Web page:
My beliefs are each rather hybrid in nature. On church government, I’m congregational but I believe in structure and accountability. On women in ministry, I am more sympathetic to the egalitarian position, but with a recognition of God-ordained differences between men and women. On eschatology, I believe “we see in part and we prophesy in part” and that many of the models currently taught are still somewhat insufficient. On worship, I prefer doctrinal substance over empty emotion, but at the same time think that we can be passionate about God, about Jesus and about theology in general. On supernatural spiritual gifts such as miracles and tongues, I calculate that if 50% of the people are faking it, that means that 50% are having some type of genuine experience.

Some doctrinal issues are above my pay grade. This is one of the few blogs that has risen to prominence that is written by someone who is not a pastor, not a seminary professor, not a local church pastor. I believe we can appreciate the complexity of a subject like substitutionary atonement or divine foreknowledge without having to dissect it, just as one can be a connoisseur of fine foods without necessarily being a great cook. If I can, in my lifetime, fully master just two things — incarnation and atonement — then I will have accomplished much.

For me, it’s about whether or not something resonates with me, in light of other teaching I’ve heard, other reading I’ve done, and the general apprehension I have of the ways of God. Is that subjective? You bet it is.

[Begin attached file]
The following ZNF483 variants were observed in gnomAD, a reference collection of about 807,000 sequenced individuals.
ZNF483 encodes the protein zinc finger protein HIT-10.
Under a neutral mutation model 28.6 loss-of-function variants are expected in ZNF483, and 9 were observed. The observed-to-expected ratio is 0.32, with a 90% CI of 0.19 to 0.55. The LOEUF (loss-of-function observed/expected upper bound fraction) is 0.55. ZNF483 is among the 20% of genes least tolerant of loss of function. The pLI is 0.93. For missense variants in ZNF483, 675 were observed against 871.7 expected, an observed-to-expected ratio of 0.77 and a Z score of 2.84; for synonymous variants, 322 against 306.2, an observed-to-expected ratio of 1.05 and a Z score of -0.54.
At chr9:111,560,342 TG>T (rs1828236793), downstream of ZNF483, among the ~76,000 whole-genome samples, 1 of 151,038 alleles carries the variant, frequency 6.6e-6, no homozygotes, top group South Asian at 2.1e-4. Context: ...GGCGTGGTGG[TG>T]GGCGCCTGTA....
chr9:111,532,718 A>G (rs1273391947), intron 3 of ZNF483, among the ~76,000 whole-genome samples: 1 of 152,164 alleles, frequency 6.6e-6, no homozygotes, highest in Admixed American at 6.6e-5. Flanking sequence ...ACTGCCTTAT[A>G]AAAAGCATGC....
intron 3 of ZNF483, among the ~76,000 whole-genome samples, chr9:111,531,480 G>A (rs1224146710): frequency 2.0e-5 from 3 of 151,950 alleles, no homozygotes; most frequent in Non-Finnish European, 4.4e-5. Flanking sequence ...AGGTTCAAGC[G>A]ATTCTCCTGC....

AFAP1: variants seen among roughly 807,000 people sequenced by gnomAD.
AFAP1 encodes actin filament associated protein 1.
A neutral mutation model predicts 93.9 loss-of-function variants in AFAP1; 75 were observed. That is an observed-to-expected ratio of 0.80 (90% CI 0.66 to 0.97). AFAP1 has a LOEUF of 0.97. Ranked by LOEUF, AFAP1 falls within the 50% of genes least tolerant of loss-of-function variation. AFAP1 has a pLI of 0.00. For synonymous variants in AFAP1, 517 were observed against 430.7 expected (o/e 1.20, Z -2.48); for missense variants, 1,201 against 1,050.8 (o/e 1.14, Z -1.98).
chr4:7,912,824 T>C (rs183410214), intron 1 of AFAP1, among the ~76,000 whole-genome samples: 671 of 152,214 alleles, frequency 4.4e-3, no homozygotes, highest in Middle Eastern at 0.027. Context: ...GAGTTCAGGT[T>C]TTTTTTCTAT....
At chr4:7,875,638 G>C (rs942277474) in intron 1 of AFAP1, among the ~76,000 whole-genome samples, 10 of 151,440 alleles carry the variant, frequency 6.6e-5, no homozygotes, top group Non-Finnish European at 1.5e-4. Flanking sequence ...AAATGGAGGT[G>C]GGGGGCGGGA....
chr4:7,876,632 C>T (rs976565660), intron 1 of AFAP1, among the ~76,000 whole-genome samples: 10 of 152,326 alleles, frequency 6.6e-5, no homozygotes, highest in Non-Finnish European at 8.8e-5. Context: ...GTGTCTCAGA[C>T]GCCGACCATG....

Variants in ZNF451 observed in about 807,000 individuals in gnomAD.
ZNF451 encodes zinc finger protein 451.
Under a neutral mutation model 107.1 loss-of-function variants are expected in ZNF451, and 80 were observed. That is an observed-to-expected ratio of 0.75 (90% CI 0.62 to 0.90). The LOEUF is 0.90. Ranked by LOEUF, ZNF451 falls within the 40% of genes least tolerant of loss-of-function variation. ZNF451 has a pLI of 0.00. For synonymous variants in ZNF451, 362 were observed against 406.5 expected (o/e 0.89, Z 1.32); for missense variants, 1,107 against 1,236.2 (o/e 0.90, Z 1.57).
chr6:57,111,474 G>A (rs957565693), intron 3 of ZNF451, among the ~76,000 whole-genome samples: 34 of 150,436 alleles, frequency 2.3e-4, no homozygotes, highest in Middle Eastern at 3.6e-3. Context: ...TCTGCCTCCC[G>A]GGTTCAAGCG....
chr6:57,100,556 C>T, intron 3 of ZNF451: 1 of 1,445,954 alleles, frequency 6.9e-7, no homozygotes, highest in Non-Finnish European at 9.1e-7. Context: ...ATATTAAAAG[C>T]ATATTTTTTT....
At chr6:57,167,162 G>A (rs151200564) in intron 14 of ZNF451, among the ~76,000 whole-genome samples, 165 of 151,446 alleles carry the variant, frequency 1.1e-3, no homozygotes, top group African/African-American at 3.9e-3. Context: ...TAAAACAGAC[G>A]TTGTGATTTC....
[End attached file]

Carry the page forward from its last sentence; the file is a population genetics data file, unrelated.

TOL sidebar March 2014Why not do the pastoring thing?

It’s now been two years since I last did pulpit supply in a church; though with our bookstore ministry, I get to preach several times a week; it’s just the crowd size is much smaller. Over the past year, my goal was simply to completely memorize a 35-minute sermon, and I think that’s ready to go now. Otherwise, there’s no way I would want to take what local church pastors take on, either in terms of time or the emotional energy that must be spent.

I would like to be ordained however. I know that sounds strange, but I’m looking for an Evangelical organization that offers some accountability beyond paying $50 a year for a clergy card so you can perform weddings. I don’t want to do funerals, weddings or pastor-for-hire events, but I would like to be able to sit at the same table as clergy and have a collegial relationship that I don’t have now despite the blog or the bookstore or time spent in itinerant ministry.

On the other hand, I’ll take an honorary degree from a recognized Evangelical institution. They can present it to me in ceremony, or just let me know if one falls off the back of a truck, Proverbs 25:27 notwithstanding.

Number One WidgetNext on the blog?

There’s always a breaking story or issue waiting to happen, and always someone in the widest sphere of Christianity about to have their fifteen minutes of fame. At a deeper level, there are always trends resulting from the continuing tension between Christianity and popular culture. Rather than just jump in on the story that’s the flavor of the week, I think we should carefully choose the issues that use our mental energy.

Anything else to add?